With that said, I can say, please park the #46 and get that shoulder corrected immediately. It’s been pretty well documented; I broke my navicular at the season ending East 125 SX in Oklahoma City after wrapping up my 1990 title run. At the time no one really thought it was a big deal. I could still race despite the pain and dwindling grip strength. So I just kept hammering away each week in fear of going under the knife and losing the six months as I was told the small bone would need to properly heal. I was scared of being off the bike that long, especially considering I would miss the remainder of the 1990 season and the beginning of 1991 on the 250—and I only had a two-year deal with the factory yellow squad.

In the end it was a career changer for me. I developed so many bad habits compensating for the weakness and pain during that 18 months that when I was finally healthy, I don’t think I ever rode the same. In addition, it began one injury after another from year to year (remember though, I was living off talent more than a solid Aldon Baker program). Shoulder injuries, if not treated correctly, can clearly have the same affect on a young rider. I’m pretty sure it ruined the end of George Holland's career. Once that thing is loose, it becomes a chronic problem.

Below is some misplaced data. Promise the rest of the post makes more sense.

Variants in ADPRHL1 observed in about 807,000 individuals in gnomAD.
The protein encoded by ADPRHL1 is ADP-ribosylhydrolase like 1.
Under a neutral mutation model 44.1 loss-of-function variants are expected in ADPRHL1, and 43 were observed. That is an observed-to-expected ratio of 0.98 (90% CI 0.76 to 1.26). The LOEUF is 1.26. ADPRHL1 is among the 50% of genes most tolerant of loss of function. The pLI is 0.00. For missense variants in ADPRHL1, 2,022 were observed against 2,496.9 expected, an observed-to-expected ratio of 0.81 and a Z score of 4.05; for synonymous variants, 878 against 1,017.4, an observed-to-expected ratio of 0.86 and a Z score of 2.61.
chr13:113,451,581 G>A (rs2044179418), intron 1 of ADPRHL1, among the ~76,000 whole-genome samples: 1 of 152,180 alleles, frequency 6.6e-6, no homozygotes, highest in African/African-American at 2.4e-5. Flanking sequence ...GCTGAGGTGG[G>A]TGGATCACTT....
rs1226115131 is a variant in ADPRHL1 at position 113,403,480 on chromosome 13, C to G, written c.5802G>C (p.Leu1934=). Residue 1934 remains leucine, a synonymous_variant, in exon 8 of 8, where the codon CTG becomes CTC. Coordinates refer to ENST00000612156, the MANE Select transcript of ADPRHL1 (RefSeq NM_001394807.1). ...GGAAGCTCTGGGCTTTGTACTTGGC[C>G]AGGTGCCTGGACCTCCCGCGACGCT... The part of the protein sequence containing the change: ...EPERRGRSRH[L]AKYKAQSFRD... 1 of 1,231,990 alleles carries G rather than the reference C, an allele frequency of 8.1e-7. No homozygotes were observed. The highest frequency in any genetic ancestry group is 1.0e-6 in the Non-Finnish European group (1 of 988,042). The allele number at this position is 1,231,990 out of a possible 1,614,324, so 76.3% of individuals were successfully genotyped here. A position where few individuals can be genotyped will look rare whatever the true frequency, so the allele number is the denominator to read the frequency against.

My honest opinion is I will be surprised if Adam and the people around him don’t shut him down for the season. He has far too many smart people in his corner to risk his career over a silly regional 250 SX crown when he's just 17. He obviously has a lot of winning left ahead of him. And I look forward to watching the him come back even stronger in 2015, if that’s the case...